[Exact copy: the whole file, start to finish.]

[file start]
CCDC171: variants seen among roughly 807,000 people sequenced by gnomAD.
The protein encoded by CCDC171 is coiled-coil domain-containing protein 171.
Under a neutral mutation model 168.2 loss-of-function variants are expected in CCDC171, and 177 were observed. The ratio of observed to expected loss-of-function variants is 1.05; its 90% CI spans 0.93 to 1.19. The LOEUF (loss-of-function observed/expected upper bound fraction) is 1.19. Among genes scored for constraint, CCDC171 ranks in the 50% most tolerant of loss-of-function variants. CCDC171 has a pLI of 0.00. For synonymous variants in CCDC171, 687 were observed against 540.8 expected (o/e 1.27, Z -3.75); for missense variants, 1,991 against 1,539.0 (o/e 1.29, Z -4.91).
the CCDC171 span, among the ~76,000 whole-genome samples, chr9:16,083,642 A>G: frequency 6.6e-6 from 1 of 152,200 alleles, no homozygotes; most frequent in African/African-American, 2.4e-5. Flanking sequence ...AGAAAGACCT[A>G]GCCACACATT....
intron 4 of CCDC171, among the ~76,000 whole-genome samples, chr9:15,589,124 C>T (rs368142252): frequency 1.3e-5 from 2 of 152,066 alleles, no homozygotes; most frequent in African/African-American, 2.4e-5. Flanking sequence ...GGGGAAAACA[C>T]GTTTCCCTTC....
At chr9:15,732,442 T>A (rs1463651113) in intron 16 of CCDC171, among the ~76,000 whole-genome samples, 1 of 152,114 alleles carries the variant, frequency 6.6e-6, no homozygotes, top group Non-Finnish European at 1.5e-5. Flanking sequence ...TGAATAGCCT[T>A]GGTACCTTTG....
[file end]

CCDC171: variants seen among roughly 807,000 people sequenced by gnomAD.
The protein encoded by CCDC171 is coiled-coil domain-containing protein 171.
Under a neutral mutation model 168.2 loss-of-function variants are expected in CCDC171, and 177 were observed. The ratio of observed to expected loss-of-function variants is 1.05; its 90% CI spans 0.93 to 1.19. The LOEUF (loss-of-function observed/expected upper bound fraction) is 1.19. Among genes scored for constraint, CCDC171 ranks in the 50% most tolerant of loss-of-function variants. CCDC171 has a pLI of 0.00. For synonymous variants in CCDC171, 687 were observed against 540.8 expected (o/e 1.27, Z -3.75); for missense variants, 1,991 against 1,539.0 (o/e 1.29, Z -4.91).
the CCDC171 span, among the ~76,000 whole-genome samples, chr9:16,083,642 A>G: frequency 6.6e-6 from 1 of 152,200 alleles, no homozygotes; most frequent in African/African-American, 2.4e-5. Flanking sequence ...AGAAAGACCT[A>G]GCCACACATT....
intron 4 of CCDC171, among the ~76,000 whole-genome samples, chr9:15,589,124 C>T (rs368142252): frequency 1.3e-5 from 2 of 152,066 alleles, no homozygotes; most frequent in African/African-American, 2.4e-5. Flanking sequence ...GGGGAAAACA[C>T]GTTTCCCTTC....
At chr9:15,732,442 T>A (rs1463651113) in intron 16 of CCDC171, among the ~76,000 whole-genome samples, 1 of 152,114 alleles carries the variant, frequency 6.6e-6, no homozygotes, top group Non-Finnish European at 1.5e-5. Flanking sequence ...TGAATAGCCT[T>A]GGTACCTTTG....